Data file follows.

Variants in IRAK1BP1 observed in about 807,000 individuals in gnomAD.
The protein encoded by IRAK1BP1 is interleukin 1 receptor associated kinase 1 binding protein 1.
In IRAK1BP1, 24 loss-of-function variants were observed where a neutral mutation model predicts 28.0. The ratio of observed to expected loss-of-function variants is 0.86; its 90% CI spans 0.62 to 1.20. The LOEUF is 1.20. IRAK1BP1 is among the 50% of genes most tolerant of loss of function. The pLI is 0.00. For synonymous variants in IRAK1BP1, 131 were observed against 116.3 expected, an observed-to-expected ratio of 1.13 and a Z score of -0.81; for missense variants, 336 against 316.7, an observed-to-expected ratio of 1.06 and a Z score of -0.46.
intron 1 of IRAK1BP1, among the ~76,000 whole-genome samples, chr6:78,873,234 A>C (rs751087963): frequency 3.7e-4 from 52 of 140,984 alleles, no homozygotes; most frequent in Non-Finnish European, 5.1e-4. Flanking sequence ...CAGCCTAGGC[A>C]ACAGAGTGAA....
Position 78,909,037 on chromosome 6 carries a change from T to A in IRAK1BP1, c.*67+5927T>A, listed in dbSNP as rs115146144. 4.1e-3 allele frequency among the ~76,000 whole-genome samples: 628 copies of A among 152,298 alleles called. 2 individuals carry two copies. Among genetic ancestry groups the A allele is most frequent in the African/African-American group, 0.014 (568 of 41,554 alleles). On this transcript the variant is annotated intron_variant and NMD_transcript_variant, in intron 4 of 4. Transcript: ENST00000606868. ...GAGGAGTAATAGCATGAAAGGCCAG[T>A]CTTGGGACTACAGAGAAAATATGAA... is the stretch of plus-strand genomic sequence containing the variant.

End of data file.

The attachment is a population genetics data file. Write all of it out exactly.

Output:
Variants in IRAK1BP1 observed in about 807,000 individuals in gnomAD.
The protein encoded by IRAK1BP1 is interleukin 1 receptor associated kinase 1 binding protein 1.
In IRAK1BP1, 24 loss-of-function variants were observed where a neutral mutation model predicts 28.0. The ratio of observed to expected loss-of-function variants is 0.86; its 90% CI spans 0.62 to 1.20. The LOEUF is 1.20. IRAK1BP1 is among the 50% of genes most tolerant of loss of function. The pLI is 0.00. For synonymous variants in IRAK1BP1, 131 were observed against 116.3 expected, an observed-to-expected ratio of 1.13 and a Z score of -0.81; for missense variants, 336 against 316.7, an observed-to-expected ratio of 1.06 and a Z score of -0.46.
intron 1 of IRAK1BP1, among the ~76,000 whole-genome samples, chr6:78,873,234 A>C (rs751087963): frequency 3.7e-4 from 52 of 140,984 alleles, no homozygotes; most frequent in Non-Finnish European, 5.1e-4. Flanking sequence ...CAGCCTAGGC[A>C]ACAGAGTGAA....
Position 78,909,037 on chromosome 6 carries a change from T to A in IRAK1BP1, c.*67+5927T>A, listed in dbSNP as rs115146144. 4.1e-3 allele frequency among the ~76,000 whole-genome samples: 628 copies of A among 152,298 alleles called. 2 individuals carry two copies. Among genetic ancestry groups the A allele is most frequent in the African/African-American group, 0.014 (568 of 41,554 alleles). On this transcript the variant is annotated intron_variant and NMD_transcript_variant, in intron 4 of 4. Transcript: ENST00000606868. ...GAGGAGTAATAGCATGAAAGGCCAG[T>A]CTTGGGACTACAGAGAAAATATGAA... is the stretch of plus-strand genomic sequence containing the variant.